The play doesn’t delve deep into these paradoxes. It never really examines the fraught relationship between women (especially feminists) and their lipsticks—and eyebrow pencils and tweezers and other paraphernalia. How many of the marchers for women’s rights used some or all of those implements, without thinking about it, before donning their pink knit hats, picking up placards and hitting the streets? Not to worry, though: Arden got her start, we learn, by handing out free samples of lipstick to Suffragettes.
The musical has bright spots. One is a sweet ballad titled “My American Moment,” in which Rubinstein sings that her mission is to show women “they have faces of power and resplendence, a backbone and a basis to assert their independence.” She seems to mean it at the time, though both she and Arden have no qualms about raising prices so their products will seem more valuable or taking advantage of World War II by marketing their cosmetics to female soldiers and factory workers.
There is much to admire about both women. Arden grew up as a poor farm girl in Canada before re-inventing herself. Rubinstein was the oldest of eight girls in a poor Jewish family in Krakow, destined to become the wife of a much older man in an arranged marriage, before she got out. Later, she brought over as many relatives as she could when they were in danger during the Holocaust. She established a foundation that, though the musical doesn’t mention it, gave money to Israel. When a Park Avenue building rejected her application to purchase a triplex penthouse there because she was Jewish, she took action: she bought the whole building.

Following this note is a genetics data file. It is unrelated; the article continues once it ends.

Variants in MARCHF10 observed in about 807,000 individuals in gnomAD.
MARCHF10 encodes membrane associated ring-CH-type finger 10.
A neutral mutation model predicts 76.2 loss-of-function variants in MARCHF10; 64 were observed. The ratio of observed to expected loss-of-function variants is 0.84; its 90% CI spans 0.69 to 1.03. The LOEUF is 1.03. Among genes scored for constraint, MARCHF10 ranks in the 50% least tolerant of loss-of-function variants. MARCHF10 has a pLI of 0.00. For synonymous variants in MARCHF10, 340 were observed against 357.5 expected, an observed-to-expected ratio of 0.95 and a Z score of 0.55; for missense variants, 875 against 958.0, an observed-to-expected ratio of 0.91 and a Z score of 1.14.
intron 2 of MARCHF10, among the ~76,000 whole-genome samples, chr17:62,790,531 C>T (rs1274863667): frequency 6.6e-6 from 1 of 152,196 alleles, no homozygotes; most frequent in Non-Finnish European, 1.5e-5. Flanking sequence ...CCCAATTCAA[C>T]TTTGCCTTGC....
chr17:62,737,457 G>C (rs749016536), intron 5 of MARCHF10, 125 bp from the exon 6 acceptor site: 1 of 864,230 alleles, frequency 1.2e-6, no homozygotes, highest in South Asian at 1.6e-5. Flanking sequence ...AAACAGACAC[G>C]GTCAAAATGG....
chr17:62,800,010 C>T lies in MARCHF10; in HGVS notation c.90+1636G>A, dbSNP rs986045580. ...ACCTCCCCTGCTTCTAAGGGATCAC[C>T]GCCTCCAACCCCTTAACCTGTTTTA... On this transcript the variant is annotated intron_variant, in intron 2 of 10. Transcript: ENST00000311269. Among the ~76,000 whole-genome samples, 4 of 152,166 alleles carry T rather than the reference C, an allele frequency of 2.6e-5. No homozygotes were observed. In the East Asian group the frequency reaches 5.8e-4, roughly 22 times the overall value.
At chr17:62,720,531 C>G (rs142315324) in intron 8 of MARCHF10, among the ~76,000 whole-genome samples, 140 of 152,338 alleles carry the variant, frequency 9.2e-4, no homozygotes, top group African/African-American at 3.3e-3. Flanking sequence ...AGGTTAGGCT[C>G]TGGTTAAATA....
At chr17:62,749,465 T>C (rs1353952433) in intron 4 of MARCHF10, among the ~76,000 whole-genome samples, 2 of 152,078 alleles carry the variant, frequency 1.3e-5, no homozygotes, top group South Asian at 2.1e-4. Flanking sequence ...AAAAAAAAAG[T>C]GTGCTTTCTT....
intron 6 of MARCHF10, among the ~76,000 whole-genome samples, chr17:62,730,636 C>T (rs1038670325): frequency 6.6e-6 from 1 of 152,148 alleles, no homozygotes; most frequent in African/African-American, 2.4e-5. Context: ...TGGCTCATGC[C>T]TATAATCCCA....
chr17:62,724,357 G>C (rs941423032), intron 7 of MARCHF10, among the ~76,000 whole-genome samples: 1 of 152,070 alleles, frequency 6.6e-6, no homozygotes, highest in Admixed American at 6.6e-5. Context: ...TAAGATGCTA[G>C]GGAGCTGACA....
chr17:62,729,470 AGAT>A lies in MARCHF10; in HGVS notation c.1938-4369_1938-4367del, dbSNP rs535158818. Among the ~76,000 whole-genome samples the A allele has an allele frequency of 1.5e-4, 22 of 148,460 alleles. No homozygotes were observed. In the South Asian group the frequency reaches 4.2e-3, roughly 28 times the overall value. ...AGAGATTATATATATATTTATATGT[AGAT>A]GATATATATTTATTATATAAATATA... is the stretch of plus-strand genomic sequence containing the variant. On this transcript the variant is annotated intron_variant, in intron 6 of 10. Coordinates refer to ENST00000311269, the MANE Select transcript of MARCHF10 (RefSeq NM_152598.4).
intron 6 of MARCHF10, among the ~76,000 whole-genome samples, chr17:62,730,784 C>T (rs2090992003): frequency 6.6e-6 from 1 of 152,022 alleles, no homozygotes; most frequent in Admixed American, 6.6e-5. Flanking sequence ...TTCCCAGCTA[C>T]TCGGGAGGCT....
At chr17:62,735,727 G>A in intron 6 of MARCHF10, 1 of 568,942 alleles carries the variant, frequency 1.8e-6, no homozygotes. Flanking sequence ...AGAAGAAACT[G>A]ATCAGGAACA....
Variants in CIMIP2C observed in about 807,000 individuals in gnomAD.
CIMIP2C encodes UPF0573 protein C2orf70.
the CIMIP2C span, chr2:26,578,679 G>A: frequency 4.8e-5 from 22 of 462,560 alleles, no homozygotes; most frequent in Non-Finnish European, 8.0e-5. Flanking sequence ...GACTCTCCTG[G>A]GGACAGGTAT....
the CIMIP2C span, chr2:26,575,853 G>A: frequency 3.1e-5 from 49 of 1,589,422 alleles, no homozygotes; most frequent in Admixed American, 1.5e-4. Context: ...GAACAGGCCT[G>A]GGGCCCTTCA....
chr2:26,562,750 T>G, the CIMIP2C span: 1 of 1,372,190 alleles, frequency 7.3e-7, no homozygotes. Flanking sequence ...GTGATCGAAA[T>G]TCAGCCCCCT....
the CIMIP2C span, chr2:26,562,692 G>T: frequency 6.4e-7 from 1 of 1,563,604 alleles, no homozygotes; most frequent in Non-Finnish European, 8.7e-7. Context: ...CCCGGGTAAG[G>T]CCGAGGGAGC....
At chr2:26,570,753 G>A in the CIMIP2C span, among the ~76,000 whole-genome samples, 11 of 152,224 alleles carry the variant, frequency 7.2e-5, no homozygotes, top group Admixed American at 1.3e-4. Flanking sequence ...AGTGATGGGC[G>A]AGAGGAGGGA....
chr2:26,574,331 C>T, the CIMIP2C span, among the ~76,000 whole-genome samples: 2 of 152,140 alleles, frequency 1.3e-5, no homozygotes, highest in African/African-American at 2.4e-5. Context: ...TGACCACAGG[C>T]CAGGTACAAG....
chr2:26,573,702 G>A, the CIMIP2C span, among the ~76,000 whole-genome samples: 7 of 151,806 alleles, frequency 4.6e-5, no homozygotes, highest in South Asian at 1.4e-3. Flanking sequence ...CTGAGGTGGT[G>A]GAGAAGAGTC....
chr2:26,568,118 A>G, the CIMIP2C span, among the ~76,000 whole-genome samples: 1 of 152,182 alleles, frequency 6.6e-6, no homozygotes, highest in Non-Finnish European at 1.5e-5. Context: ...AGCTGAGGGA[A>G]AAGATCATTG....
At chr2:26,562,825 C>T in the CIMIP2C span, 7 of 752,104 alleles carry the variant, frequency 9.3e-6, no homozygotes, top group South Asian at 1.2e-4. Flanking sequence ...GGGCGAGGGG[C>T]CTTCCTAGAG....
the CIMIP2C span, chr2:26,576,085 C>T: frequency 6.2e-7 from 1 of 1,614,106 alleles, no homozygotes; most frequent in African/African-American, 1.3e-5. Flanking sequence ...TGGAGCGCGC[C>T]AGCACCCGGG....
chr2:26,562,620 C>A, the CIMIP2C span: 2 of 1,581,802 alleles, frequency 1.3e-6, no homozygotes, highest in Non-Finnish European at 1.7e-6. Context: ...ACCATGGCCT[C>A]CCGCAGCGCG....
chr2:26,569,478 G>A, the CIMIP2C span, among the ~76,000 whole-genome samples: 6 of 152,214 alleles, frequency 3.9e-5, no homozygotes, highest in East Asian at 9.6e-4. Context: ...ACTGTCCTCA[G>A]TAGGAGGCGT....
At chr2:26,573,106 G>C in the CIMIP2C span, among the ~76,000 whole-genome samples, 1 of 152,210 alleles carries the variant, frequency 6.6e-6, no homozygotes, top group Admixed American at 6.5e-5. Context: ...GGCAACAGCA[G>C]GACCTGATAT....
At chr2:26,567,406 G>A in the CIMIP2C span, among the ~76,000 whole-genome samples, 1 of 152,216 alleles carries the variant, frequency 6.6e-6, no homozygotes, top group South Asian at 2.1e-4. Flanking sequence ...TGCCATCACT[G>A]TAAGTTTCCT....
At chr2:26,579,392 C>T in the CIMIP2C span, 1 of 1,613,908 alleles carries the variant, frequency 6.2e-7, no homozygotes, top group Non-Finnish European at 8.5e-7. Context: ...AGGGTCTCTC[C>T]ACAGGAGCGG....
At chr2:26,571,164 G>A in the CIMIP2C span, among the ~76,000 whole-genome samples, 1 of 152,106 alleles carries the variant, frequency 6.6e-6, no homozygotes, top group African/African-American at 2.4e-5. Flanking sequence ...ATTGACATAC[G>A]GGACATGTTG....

“War Paint” addresses many of the conflicts the women faced, though sometimes in terms they would likely not have used. In “If I’d Been a Man,” each speculates that she would be more respected by the public, more loved by individual men and even more successful economically if she had been born male. “A man can be an absent parent, stray the way a woman daren’t,” Rubinstein sings. Their bold behavior would be lauded, they both sing: “What man has half the balls that I have?” Though the sentiments are true, and widely accepted in this era, the number sounds like a dutiful attempt by the musical’s writers to check all the boxes that today’s feminists might require of them. On the other hand, a song called “Dinosaurs” makes cruel fun of them. It’s sung by the two men who have helped them most—Harry Fleming (Douglas Sills), an adman who works for Rubinstein before switching sides, and Tommy Lewis (John Dossett), who works for Arden, his wife, until he, too, goes over to the competition.
Rubinstein and Arden are credited with making makeup respectable again when they started their businesses in the early 1900s, when only actresses and prostitutes painted their faces. Their businesses catered to a wealthy clientele. Both refused to heed the trend toward cheaper cosmetics, embodied by Charles Revson (Erik Liberman), portrayed as a lower-class huckster. Neither wanted to hire him, and he went on to found Revlon—a name still widely recognized by 23-year-olds.